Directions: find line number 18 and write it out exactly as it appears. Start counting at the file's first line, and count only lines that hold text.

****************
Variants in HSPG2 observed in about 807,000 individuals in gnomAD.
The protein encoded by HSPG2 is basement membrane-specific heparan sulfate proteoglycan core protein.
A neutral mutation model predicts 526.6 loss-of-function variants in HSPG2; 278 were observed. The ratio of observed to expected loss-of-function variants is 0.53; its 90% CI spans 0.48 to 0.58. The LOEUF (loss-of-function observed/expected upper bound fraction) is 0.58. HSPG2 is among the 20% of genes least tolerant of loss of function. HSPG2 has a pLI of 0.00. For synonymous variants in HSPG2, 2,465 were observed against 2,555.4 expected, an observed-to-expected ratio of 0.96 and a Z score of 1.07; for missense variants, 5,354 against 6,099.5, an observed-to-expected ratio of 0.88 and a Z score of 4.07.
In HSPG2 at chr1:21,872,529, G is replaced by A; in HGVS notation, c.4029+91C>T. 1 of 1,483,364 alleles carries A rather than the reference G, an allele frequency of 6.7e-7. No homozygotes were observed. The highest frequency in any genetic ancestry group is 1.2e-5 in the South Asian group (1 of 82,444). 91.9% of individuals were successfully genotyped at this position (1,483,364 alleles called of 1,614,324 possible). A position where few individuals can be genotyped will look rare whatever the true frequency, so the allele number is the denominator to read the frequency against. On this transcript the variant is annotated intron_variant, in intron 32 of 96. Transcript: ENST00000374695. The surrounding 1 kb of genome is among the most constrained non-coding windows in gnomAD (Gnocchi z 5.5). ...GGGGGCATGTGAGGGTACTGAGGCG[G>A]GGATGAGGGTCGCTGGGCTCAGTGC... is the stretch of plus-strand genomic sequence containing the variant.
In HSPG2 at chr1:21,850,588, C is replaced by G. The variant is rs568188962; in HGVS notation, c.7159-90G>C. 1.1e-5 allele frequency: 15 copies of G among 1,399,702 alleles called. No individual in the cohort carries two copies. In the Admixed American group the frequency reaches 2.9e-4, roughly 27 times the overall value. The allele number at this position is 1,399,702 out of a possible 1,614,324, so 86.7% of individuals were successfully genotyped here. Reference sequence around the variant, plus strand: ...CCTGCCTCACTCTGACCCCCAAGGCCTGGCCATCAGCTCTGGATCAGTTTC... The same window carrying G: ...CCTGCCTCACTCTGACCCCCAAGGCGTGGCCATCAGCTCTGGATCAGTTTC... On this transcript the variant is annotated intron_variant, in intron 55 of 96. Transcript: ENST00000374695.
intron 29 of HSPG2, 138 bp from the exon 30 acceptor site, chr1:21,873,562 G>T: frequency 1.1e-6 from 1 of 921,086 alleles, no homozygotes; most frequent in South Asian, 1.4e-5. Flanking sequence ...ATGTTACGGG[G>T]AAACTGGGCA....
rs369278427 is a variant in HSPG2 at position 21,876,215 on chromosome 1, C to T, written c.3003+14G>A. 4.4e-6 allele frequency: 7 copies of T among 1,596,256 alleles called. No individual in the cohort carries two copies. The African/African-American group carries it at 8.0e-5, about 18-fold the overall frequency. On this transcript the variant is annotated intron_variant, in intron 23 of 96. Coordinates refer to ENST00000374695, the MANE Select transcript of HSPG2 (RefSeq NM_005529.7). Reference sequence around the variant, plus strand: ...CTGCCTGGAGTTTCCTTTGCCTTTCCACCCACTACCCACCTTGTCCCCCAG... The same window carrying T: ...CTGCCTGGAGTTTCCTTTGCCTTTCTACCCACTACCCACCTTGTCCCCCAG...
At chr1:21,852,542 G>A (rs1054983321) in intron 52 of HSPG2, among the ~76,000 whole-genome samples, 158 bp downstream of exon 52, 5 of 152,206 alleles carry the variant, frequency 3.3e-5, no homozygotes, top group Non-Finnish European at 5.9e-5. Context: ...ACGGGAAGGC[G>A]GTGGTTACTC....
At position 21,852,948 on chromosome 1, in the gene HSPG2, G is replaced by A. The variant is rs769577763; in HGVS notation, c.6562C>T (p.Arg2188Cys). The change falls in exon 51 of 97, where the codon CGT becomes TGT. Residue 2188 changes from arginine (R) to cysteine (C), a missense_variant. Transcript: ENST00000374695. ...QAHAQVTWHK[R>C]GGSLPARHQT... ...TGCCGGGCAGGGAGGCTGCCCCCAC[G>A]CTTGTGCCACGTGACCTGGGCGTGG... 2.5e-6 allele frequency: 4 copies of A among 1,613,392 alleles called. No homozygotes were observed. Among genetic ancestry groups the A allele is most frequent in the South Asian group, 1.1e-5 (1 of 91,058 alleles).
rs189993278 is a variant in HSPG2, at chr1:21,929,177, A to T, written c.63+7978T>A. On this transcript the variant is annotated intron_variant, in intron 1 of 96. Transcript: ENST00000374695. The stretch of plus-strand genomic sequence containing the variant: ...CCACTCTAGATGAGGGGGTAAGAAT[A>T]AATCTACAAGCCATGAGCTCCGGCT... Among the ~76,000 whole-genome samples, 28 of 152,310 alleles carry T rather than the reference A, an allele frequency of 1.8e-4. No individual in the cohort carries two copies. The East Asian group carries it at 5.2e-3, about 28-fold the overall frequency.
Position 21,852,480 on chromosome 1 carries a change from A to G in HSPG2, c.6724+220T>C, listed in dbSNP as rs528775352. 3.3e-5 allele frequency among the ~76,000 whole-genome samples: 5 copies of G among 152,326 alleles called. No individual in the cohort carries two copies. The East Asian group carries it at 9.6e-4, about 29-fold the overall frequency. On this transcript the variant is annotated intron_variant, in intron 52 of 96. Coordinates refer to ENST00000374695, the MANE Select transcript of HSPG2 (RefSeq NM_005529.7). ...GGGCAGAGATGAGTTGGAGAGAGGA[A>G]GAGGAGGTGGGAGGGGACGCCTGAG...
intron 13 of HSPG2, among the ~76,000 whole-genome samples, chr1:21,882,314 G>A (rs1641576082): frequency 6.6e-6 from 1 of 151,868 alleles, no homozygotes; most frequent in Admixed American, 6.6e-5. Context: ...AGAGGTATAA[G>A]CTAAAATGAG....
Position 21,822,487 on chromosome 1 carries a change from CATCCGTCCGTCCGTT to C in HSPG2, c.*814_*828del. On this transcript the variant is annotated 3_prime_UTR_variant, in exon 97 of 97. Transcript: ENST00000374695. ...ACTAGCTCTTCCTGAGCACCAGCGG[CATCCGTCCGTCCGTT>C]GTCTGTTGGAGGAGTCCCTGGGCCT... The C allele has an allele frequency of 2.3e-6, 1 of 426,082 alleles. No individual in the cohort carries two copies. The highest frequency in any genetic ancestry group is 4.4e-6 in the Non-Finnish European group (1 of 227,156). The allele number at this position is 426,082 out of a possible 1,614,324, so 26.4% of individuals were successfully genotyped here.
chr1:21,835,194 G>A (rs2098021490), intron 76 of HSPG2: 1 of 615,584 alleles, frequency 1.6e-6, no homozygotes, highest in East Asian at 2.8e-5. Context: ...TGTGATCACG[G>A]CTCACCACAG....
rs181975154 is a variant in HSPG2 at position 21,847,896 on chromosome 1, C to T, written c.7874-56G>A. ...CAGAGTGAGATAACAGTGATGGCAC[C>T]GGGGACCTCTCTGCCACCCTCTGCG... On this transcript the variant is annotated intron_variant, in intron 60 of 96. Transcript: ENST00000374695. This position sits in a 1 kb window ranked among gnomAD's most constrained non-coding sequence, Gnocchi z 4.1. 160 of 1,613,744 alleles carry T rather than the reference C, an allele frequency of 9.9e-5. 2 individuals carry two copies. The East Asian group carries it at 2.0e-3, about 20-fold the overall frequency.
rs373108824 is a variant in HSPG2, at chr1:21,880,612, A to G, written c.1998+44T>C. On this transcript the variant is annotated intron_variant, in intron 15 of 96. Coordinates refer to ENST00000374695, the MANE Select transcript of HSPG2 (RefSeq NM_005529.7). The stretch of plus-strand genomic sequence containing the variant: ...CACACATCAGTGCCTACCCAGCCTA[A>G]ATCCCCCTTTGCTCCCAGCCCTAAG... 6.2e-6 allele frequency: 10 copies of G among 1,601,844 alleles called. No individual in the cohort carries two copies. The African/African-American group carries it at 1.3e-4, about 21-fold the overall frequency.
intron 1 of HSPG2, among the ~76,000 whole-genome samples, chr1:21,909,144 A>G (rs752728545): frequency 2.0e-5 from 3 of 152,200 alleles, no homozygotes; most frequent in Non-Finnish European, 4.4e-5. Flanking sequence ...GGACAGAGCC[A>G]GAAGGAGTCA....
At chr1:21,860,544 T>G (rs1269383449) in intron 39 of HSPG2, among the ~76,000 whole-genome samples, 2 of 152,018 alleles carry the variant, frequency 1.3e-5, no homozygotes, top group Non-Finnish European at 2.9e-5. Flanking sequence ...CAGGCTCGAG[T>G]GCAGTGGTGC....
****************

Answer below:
At chr1:21,860,544 T>G (rs1269383449) in intron 39 of HSPG2, among the ~76,000 whole-genome samples, 2 of 152,018 alleles carry the variant, frequency 1.3e-5, no homozygotes, top group Non-Finnish European at 2.9e-5. Flanking sequence ...CAGGCTCGAG[T>G]GCAGTGGTGC....